After a nearly two-year hiatus, the sextet has found itself anchoring pretty much every major music festival on the summer docket – from headlining Bonnaroo to helping recharge Lollapalooza – amid an expansive nationwide tour.

The band continues on the road from September 1 through October 29, headlining its own shows in halls amphitheatres and arenas, and playing Farm Aid 2005, and the new event.

It’s a tall order, even for a band which built its success on its relentless touring

The return to the Bonnaroo main stage earlier this summer was particularly charged with musical and emotional depth for Widespread Panic.

During the early morning of June 22, 2002, founding member Michael Houser played guitar with the band on that same stage as it closed the inaugural Bonnaroo, much the same as he would any other show: seated on a small wooden chair watching John Bell, his best friend since college, howl the chorus of the rock revival “Tallboy,” backed by Dottie Peoples and her gospel choir.

Though Houser’s playing stood up to the occasion, he looked very much like what he was, a relatively young man dying with increasing speed of a terminal illness – pancreatic cancer.

In the ensuing weeks, his condition worsening, Houser, known to friends and fans simply as “Mikey,” issued a statement through the band’s web site. “I am at my home in Athens,” he said, “surrounded by my family and being well taken care of. In the words of Lou Gehrig, ‘Though some of you may have thought I have caught a bad break, I feel like the luckiest man in the world.'”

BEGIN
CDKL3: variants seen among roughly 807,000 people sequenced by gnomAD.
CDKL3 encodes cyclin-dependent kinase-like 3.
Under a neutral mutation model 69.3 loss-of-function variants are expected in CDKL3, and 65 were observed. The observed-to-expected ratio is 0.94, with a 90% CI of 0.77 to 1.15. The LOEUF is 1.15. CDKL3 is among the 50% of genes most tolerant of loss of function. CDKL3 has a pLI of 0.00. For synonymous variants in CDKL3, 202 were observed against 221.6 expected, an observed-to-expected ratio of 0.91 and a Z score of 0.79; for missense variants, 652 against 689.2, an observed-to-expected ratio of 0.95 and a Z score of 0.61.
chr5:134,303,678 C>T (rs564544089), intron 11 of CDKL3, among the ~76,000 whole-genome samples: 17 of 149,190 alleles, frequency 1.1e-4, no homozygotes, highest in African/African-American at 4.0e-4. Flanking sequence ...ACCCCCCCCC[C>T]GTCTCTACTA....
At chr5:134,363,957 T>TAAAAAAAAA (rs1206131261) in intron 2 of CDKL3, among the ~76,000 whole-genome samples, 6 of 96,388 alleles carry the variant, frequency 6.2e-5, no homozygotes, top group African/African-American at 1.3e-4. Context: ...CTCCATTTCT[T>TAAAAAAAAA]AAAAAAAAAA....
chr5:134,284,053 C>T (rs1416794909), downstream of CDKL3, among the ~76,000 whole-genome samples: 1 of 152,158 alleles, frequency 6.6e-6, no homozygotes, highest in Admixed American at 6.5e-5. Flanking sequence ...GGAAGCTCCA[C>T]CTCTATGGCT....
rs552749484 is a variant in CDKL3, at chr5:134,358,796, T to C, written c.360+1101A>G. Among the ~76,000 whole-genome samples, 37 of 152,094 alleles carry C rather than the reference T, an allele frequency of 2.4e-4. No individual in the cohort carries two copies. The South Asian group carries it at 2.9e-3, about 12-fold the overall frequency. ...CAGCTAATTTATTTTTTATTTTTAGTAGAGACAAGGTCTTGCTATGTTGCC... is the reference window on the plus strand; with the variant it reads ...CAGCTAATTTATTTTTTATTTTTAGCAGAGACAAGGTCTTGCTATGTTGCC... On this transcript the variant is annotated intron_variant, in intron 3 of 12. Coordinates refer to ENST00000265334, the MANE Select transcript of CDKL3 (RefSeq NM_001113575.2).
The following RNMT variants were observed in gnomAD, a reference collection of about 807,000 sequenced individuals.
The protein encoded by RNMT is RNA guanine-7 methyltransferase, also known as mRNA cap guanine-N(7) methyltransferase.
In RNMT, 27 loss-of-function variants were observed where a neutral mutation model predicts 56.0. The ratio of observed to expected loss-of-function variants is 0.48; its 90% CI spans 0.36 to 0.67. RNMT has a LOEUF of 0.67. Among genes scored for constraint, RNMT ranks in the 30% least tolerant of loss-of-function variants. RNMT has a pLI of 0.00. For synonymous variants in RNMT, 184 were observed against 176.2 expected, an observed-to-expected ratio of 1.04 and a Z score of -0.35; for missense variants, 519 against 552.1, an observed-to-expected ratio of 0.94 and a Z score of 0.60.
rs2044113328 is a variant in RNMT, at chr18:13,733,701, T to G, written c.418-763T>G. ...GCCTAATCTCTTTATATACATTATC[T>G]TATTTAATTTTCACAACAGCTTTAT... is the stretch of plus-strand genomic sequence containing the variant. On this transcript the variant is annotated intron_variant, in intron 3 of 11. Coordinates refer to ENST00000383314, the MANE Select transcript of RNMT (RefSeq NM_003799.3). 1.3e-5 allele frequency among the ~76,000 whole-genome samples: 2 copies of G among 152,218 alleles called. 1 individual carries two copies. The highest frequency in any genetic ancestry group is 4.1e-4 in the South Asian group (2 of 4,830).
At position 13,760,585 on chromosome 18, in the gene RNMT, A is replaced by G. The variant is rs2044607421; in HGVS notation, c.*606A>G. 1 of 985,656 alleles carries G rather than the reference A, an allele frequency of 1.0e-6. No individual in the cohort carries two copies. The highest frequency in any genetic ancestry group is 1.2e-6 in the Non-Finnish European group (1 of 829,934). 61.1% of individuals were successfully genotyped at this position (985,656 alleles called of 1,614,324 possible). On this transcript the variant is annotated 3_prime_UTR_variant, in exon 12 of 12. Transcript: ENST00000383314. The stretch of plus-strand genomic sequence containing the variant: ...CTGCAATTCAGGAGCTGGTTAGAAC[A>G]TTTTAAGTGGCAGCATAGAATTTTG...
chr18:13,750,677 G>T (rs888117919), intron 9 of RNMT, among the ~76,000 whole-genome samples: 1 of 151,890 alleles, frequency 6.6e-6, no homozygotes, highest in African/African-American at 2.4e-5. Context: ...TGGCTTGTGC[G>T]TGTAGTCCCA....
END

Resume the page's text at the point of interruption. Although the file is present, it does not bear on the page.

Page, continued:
One month later, on August 10, he died. Houser was adamant about his wish that the band keep playing through his illness and after his passing, yet many were justifiably skeptical.

Nearly three years after his friend’s death, Bell seems at ease with the major changes in the band’s existence. “It’s good to be back,” he says lightly. “I always knew we were going to come back. I hope nobody’s too freaky about it.”

Houser’s presence and playing was part of Panic’s signature sound and there was no way to recreate that particular magic.

Instead, the band has added George McConnell, the guitarist who stepped into the Panic as temporary replacement for Houser when he become to ill to tour. McConnell’s playing has added a more aggressive edge along with a sense of continuity.

“We were going to take a break it before Mikey’s illness,” Bell remembers. “But then, well, he got sick so we were hanging with – so we were still going to play. And then when he moved on, then we decided, we should still find out where we are and get familiar with that before we take time out. I don’t think it would have – it’d just confuse matters.

“So this way, we’re going to be our new Widespread Panic selves, and have some familiarity of that to take with us over the break.” Pausing, he begins to laugh. “We’ve just got to remind George, you don’t get a break every other year.”